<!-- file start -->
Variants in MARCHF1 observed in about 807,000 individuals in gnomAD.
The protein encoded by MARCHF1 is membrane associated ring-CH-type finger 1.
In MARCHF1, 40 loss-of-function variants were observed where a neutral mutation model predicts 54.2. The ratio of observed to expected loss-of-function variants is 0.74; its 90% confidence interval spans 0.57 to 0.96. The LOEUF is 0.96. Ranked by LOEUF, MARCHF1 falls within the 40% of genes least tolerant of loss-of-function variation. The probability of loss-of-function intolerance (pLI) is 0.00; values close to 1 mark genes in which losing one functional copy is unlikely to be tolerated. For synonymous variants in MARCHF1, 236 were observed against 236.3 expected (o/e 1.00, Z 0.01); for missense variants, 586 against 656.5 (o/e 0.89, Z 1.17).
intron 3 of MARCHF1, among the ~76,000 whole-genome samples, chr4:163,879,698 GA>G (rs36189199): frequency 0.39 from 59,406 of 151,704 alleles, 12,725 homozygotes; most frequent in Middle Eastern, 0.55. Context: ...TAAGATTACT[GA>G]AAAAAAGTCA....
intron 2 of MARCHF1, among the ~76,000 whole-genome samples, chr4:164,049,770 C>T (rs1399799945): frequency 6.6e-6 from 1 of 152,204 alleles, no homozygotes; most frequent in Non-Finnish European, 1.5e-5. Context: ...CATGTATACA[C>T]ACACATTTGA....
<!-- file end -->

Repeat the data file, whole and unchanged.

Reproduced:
Variants in MARCHF1 observed in about 807,000 individuals in gnomAD.
The protein encoded by MARCHF1 is membrane associated ring-CH-type finger 1.
In MARCHF1, 40 loss-of-function variants were observed where a neutral mutation model predicts 54.2. The ratio of observed to expected loss-of-function variants is 0.74; its 90% confidence interval spans 0.57 to 0.96. The LOEUF is 0.96. Ranked by LOEUF, MARCHF1 falls within the 40% of genes least tolerant of loss-of-function variation. The probability of loss-of-function intolerance (pLI) is 0.00; values close to 1 mark genes in which losing one functional copy is unlikely to be tolerated. For synonymous variants in MARCHF1, 236 were observed against 236.3 expected (o/e 1.00, Z 0.01); for missense variants, 586 against 656.5 (o/e 0.89, Z 1.17).
intron 3 of MARCHF1, among the ~76,000 whole-genome samples, chr4:163,879,698 GA>G (rs36189199): frequency 0.39 from 59,406 of 151,704 alleles, 12,725 homozygotes; most frequent in Middle Eastern, 0.55. Context: ...TAAGATTACT[GA>G]AAAAAAGTCA....
intron 2 of MARCHF1, among the ~76,000 whole-genome samples, chr4:164,049,770 C>T (rs1399799945): frequency 6.6e-6 from 1 of 152,204 alleles, no homozygotes; most frequent in Non-Finnish European, 1.5e-5. Context: ...CATGTATACA[C>T]ACACATTTGA....